The World Passport is an alleged travel document issued by a non-governmental entity called the World Service Authority (WSA), which is the administrative arm of the World Government of World Citizens, to persons who are, in theory, advocates of free global travel and world government. It is one of several official-looking documents issued to people who either perceive statelessness as a desirable condition (but in practice find it to be a huge bother) or to people who have exhausted just about every other way of persuading people of the legitimacy of their person or intentions. The World Passport is generally issued to people who are either deceived or trying to deceive someone and wouldn't qualify for a Nansen Passport even if those still existed.

The idea of global government and/or documentation may be a bit older but this incarnation of global bureaucracy was invented by the WSA founder, the late Mr. Garry Davis, in 1954. This fellow also gave out "honorary" passports to assorted world leaders and celebrities. So he himself held passport number one and none other than the President, or more likely whoever in his entourage was in charge of acquired clutter, held passport number two.

The World Passport is designed to be impressive. It's a bit larger than all but the most imposingly old-fashioned national passports. It uses a startling shade of light turquoise and print similar to what you'd find in an American passport, all of it with more metallic splashes and flourishes. It was machine-readable quite early on so, until national passports caught up with it, the World Passport looked more official than many real passports, especially if you were dealing with abominations like the British and (ex-)Soviet ones, both of which were issued in chicken-scratch well into the computer age.

The fundamental problem with the World Passport is that it is issued by a non-government entity and you could get one for your dog if you tried. Issuing it in "Washington, D.C." (and for a while from a Shanghai office, you can imagine what the Chinese government thought of that) does not make it the bearer's personal pocket consular officer any more than performing fellatio on a genie will get you a 12-inch pianist. The Esperanto text should have tipped you off.

As borders have tightened across the world and air travel in particular is a bureaucratic chore for all who participate, the World Passport is increasingly likely to get you laughed at or arrested. This has always been an issue. Mr. Davis kept a record of his successful admissions and many arrests during his travels and attempted travels. The Passport's issuers claim a modicum of official recognition, which seems to have come primarily from easily impressed African bureaucrats of the younger post-colonial era.

This does not mean that no one will give you a plane ticket or apostille stamp for presenting it. All it takes is one bored clerk. In fact the organisation's web site maintains an archive of entry and visa stamps from an impressive number of countries, and requests that citizens provide images of theirs. Most of these date before the Achille Lauro incident, in which one of the arrested terrorists escaped and went a-roaming and a-missing for a while on a World Passport.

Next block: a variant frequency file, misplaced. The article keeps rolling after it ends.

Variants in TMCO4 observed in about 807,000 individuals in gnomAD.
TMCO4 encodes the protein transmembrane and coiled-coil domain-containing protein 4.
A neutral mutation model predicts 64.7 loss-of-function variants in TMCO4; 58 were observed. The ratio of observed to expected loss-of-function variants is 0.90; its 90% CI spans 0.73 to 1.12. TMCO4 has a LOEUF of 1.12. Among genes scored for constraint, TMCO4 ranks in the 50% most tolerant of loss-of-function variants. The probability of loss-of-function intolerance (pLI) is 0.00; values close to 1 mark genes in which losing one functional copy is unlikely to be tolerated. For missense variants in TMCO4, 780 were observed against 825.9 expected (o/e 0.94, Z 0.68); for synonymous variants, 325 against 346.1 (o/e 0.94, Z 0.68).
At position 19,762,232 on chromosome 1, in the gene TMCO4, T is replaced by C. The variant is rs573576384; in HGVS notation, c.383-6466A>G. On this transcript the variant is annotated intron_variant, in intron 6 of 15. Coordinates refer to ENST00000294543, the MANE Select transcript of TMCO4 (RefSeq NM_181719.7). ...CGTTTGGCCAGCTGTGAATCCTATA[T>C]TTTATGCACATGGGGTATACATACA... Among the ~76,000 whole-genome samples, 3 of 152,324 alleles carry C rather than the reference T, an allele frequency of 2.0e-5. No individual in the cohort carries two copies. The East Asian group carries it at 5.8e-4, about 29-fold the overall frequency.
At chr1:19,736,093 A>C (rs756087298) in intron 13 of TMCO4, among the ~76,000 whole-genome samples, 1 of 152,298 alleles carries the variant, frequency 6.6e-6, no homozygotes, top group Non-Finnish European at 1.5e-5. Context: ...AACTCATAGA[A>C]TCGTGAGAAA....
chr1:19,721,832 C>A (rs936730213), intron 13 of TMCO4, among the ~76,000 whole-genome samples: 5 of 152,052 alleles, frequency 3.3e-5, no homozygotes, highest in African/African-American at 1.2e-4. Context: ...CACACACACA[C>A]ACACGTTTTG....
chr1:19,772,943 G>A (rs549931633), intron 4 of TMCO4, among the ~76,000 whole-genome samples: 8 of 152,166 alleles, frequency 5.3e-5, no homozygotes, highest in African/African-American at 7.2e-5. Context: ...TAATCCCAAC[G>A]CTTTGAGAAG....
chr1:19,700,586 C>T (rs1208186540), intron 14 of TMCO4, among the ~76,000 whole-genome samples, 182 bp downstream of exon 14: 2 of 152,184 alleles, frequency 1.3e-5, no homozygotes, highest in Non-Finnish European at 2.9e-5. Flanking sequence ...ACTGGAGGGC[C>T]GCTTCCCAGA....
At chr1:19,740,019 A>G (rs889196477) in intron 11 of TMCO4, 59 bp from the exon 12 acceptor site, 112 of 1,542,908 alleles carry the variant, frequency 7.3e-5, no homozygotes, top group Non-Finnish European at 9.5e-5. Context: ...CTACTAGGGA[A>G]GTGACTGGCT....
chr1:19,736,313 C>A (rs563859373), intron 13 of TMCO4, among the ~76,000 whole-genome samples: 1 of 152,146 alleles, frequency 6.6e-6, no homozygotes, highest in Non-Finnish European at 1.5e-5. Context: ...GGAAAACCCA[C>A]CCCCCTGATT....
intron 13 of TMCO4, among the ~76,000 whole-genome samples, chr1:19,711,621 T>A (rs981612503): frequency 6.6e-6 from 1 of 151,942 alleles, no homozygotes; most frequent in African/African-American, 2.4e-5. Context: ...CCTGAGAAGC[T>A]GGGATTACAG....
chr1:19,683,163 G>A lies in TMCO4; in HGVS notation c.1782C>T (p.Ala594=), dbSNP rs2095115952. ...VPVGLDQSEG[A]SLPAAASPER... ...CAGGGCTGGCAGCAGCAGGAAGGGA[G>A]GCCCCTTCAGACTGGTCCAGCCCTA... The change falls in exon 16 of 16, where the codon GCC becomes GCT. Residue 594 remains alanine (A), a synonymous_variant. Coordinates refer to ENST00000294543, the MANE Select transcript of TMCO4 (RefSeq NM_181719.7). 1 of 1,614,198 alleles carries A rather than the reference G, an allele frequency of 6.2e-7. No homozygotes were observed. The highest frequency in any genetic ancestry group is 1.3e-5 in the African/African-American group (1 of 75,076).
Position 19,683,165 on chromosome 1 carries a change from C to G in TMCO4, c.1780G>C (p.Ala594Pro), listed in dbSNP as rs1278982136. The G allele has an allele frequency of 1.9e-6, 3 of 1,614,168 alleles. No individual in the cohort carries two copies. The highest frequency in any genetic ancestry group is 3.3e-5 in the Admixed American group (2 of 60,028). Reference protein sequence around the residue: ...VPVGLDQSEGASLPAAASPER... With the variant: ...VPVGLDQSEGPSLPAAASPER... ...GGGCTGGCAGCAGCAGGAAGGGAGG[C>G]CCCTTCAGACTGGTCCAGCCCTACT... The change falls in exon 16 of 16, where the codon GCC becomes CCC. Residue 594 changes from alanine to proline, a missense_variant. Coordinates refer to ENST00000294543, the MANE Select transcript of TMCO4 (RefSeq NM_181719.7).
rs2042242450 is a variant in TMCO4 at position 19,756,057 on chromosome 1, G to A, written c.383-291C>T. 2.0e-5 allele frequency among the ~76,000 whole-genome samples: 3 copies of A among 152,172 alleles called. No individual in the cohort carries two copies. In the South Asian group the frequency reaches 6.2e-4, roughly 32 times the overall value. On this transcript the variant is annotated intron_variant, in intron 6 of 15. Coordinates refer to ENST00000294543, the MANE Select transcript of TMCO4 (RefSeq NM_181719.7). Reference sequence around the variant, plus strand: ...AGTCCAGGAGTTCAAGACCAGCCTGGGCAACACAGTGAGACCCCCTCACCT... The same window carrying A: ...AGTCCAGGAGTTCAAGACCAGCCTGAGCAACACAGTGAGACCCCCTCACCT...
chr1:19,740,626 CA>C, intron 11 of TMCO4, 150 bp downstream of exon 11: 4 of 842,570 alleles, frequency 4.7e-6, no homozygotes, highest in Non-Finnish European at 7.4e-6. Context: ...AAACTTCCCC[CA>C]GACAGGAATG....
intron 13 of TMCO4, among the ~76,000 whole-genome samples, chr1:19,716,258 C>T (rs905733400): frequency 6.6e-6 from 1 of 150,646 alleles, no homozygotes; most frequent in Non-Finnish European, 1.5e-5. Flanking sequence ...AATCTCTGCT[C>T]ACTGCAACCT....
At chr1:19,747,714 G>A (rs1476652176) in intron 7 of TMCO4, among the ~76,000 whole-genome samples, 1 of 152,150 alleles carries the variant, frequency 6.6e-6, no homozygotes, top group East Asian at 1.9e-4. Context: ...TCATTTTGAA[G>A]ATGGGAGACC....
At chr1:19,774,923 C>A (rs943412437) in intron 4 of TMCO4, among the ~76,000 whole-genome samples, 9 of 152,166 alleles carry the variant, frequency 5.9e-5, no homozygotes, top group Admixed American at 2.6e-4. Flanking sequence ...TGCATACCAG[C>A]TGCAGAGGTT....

Having done my time in international travel, I saw a number of these passports (and less legitimate efforts at emulating it) so the aforementioned bored clerk was sometimes me. I really did not mind the Passport. Some people actually used it as a second ID. As long as the names matched it could give something like a dog-eared French national identity card or an Iraqi passport with scrawls in five different hands a veneer of technological legitimacy, and was a helluva lot easier to read than either.

Whether my passengers would be allowed onto the boat was not my concern. I cynically sold them the tickets and let border control deal with it. This probably makes me a worse person than you already knew I was. Mind you, I never did get a complaint from the border police, though that might have been because they were not that big on checking outbound documents and, since the holders were likely to be less than legally in the country, would just as soon let the misdocumented passengers be anyone else's problem, Schengen be praised and pass the ouzo. Unless it was the Russian mafia, which was always good for a little shakedown. Their couriers did account for an alarming portion of World Passport holders.

Just in case you think this World Passport thing sounds like something you'd like to try your luck with, here's a former transport professional's warning: This is not your grandpa's (or even my) world of international travel. Even if you manage to trick your way onto public transportation and out of a country, travelling on hokey documents will get you arrested, quizzed, and/or probed, and more likely than not will end with you and the horse you rode in on being expeditiously returned to your point of origin. Now go for it and bon voyage.

It should still be good enough to be admitted to NowhereQuest and some of the territories therein.

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